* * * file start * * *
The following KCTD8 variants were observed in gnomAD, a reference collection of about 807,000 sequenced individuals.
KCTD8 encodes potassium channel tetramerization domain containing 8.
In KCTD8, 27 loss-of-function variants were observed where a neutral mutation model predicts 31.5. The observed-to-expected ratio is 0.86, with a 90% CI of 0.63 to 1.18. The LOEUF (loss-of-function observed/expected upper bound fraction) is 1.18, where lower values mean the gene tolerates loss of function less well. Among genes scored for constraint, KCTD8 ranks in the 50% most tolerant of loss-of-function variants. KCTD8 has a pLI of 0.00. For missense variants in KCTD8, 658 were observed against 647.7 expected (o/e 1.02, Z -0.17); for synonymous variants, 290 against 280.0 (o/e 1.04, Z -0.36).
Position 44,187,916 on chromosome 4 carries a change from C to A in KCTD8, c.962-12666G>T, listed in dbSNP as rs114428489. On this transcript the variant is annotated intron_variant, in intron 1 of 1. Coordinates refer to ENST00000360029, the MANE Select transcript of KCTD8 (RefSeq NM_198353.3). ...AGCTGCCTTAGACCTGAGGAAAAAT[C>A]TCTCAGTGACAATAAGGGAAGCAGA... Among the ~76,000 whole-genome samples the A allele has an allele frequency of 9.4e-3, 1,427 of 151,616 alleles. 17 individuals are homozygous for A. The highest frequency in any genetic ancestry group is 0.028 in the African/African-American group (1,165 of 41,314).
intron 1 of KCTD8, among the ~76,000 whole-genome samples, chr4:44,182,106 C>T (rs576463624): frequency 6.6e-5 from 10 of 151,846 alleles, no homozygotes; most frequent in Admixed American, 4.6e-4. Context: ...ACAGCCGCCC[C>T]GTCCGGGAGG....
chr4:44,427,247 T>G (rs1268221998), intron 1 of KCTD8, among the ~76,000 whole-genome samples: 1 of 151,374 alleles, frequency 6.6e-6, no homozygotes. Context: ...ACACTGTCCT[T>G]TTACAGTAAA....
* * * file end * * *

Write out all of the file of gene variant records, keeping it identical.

The following KCTD8 variants were observed in gnomAD, a reference collection of about 807,000 sequenced individuals.
KCTD8 encodes potassium channel tetramerization domain containing 8.
In KCTD8, 27 loss-of-function variants were observed where a neutral mutation model predicts 31.5. The observed-to-expected ratio is 0.86, with a 90% CI of 0.63 to 1.18. The LOEUF (loss-of-function observed/expected upper bound fraction) is 1.18, where lower values mean the gene tolerates loss of function less well. Among genes scored for constraint, KCTD8 ranks in the 50% most tolerant of loss-of-function variants. KCTD8 has a pLI of 0.00. For missense variants in KCTD8, 658 were observed against 647.7 expected (o/e 1.02, Z -0.17); for synonymous variants, 290 against 280.0 (o/e 1.04, Z -0.36).
Position 44,187,916 on chromosome 4 carries a change from C to A in KCTD8, c.962-12666G>T, listed in dbSNP as rs114428489. On this transcript the variant is annotated intron_variant, in intron 1 of 1. Coordinates refer to ENST00000360029, the MANE Select transcript of KCTD8 (RefSeq NM_198353.3). ...AGCTGCCTTAGACCTGAGGAAAAAT[C>A]TCTCAGTGACAATAAGGGAAGCAGA... Among the ~76,000 whole-genome samples the A allele has an allele frequency of 9.4e-3, 1,427 of 151,616 alleles. 17 individuals are homozygous for A. The highest frequency in any genetic ancestry group is 0.028 in the African/African-American group (1,165 of 41,314).
intron 1 of KCTD8, among the ~76,000 whole-genome samples, chr4:44,182,106 C>T (rs576463624): frequency 6.6e-5 from 10 of 151,846 alleles, no homozygotes; most frequent in Admixed American, 4.6e-4. Context: ...ACAGCCGCCC[C>T]GTCCGGGAGG....
chr4:44,427,247 T>G (rs1268221998), intron 1 of KCTD8, among the ~76,000 whole-genome samples: 1 of 151,374 alleles, frequency 6.6e-6, no homozygotes. Context: ...ACACTGTCCT[T>G]TTACAGTAAA....